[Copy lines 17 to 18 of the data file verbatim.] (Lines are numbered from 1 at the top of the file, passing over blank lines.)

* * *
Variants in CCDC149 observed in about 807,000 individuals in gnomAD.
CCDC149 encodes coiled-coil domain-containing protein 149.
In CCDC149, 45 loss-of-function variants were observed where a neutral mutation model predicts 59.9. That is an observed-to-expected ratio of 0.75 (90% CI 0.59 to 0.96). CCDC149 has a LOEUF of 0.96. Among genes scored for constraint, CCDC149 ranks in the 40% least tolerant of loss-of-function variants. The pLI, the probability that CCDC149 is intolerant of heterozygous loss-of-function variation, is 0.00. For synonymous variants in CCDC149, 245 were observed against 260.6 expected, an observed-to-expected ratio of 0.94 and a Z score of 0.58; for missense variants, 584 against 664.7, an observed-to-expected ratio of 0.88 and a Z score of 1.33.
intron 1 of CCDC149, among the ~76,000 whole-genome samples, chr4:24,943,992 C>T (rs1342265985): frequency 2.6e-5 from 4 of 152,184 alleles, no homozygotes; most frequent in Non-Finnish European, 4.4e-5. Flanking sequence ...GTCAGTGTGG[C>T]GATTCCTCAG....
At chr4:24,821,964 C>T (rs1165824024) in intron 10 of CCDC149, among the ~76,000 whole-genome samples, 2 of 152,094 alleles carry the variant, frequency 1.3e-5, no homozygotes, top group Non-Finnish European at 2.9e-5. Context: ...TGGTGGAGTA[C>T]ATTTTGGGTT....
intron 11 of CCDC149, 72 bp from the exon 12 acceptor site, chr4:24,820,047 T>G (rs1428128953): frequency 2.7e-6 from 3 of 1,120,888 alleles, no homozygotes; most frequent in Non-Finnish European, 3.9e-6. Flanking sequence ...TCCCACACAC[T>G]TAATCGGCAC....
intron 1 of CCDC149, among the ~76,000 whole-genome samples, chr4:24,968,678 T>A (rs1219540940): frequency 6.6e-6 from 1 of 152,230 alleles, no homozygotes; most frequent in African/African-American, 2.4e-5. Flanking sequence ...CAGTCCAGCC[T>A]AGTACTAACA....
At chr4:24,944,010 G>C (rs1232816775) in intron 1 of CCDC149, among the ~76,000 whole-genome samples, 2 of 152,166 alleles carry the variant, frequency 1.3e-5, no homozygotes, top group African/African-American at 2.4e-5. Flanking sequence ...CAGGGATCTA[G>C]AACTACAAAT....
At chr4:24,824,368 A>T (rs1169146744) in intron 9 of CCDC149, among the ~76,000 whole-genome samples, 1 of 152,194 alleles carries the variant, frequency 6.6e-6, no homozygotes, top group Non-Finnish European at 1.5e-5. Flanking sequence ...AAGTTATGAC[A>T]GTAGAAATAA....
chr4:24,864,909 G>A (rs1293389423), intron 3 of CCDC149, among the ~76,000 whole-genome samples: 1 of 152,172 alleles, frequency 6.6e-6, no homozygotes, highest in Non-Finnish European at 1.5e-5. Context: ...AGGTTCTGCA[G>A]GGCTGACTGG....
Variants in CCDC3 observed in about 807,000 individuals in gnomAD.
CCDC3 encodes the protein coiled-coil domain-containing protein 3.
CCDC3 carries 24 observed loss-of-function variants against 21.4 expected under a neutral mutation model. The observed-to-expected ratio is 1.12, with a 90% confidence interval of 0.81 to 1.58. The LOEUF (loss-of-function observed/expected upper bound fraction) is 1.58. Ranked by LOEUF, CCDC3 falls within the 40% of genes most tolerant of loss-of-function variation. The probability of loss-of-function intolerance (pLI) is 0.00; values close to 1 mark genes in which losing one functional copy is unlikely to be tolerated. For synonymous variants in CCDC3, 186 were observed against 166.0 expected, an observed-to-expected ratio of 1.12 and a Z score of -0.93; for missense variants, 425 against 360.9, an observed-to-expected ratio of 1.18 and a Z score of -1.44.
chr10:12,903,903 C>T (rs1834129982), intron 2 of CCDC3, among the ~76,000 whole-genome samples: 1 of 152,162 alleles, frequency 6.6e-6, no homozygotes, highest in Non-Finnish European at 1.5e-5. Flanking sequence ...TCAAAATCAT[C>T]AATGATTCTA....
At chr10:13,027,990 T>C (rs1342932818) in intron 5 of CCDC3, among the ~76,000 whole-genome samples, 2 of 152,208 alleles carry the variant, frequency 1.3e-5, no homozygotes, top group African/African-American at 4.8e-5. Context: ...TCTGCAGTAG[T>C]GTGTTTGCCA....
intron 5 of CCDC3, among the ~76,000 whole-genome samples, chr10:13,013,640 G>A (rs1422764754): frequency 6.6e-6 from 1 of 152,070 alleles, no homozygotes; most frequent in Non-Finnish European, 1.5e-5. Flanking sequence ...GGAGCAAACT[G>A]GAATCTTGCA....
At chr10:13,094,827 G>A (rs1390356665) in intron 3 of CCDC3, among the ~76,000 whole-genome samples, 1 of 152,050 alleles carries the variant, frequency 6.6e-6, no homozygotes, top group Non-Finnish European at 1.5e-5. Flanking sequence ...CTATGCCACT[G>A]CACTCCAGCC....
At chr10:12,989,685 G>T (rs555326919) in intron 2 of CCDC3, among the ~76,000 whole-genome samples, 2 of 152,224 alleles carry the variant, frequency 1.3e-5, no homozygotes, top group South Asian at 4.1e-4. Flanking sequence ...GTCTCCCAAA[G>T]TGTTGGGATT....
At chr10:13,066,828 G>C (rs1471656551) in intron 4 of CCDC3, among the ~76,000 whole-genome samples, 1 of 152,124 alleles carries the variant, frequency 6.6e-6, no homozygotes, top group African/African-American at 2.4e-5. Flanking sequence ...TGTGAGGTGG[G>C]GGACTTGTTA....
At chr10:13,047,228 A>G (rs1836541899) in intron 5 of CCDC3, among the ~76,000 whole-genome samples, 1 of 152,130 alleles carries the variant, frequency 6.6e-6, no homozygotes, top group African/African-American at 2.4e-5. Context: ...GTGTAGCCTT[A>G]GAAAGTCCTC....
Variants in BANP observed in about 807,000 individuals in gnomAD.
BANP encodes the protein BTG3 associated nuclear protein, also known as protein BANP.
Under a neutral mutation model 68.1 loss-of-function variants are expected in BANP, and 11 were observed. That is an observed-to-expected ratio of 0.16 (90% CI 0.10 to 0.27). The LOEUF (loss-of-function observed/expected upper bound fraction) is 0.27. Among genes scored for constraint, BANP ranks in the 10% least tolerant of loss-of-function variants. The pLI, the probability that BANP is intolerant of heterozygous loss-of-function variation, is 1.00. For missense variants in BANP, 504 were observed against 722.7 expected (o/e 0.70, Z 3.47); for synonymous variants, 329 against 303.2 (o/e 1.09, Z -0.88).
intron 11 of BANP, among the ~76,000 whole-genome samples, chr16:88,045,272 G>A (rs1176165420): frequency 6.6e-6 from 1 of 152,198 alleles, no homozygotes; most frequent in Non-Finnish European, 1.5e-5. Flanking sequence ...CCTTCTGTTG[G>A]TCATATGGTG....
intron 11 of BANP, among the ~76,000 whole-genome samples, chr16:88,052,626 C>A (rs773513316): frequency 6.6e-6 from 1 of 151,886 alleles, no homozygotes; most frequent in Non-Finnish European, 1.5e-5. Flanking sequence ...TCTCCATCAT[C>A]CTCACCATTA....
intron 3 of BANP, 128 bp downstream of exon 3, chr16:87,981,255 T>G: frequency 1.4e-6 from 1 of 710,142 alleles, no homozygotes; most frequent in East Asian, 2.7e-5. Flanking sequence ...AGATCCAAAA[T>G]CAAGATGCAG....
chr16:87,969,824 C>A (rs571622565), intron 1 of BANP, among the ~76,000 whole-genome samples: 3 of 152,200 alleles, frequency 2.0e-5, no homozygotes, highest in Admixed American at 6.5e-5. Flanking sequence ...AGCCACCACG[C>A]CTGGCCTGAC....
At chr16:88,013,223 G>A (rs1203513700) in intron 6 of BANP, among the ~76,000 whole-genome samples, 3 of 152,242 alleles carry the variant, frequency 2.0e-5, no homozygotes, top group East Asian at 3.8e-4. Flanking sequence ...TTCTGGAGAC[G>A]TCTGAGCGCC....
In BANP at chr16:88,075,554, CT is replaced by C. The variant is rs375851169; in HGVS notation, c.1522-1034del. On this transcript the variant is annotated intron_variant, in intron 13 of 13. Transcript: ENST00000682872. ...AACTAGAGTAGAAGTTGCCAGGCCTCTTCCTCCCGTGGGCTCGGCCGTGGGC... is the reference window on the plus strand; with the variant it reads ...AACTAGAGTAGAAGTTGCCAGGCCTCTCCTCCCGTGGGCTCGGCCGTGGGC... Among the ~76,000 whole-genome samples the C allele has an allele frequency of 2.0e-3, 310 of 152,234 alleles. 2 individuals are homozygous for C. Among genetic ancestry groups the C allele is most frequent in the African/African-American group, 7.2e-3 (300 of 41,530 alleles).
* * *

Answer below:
At chr10:13,094,827 G>A (rs1390356665) in intron 3 of CCDC3, among the ~76,000 whole-genome samples, 1 of 152,050 alleles carries the variant, frequency 6.6e-6, no homozygotes, top group Non-Finnish European at 1.5e-5. Flanking sequence ...CTATGCCACT[G>A]CACTCCAGCC....
At chr10:12,989,685 G>T (rs555326919) in intron 2 of CCDC3, among the ~76,000 whole-genome samples, 2 of 152,224 alleles carry the variant, frequency 1.3e-5, no homozygotes, top group South Asian at 4.1e-4. Flanking sequence ...GTCTCCCAAA[G>T]TGTTGGGATT....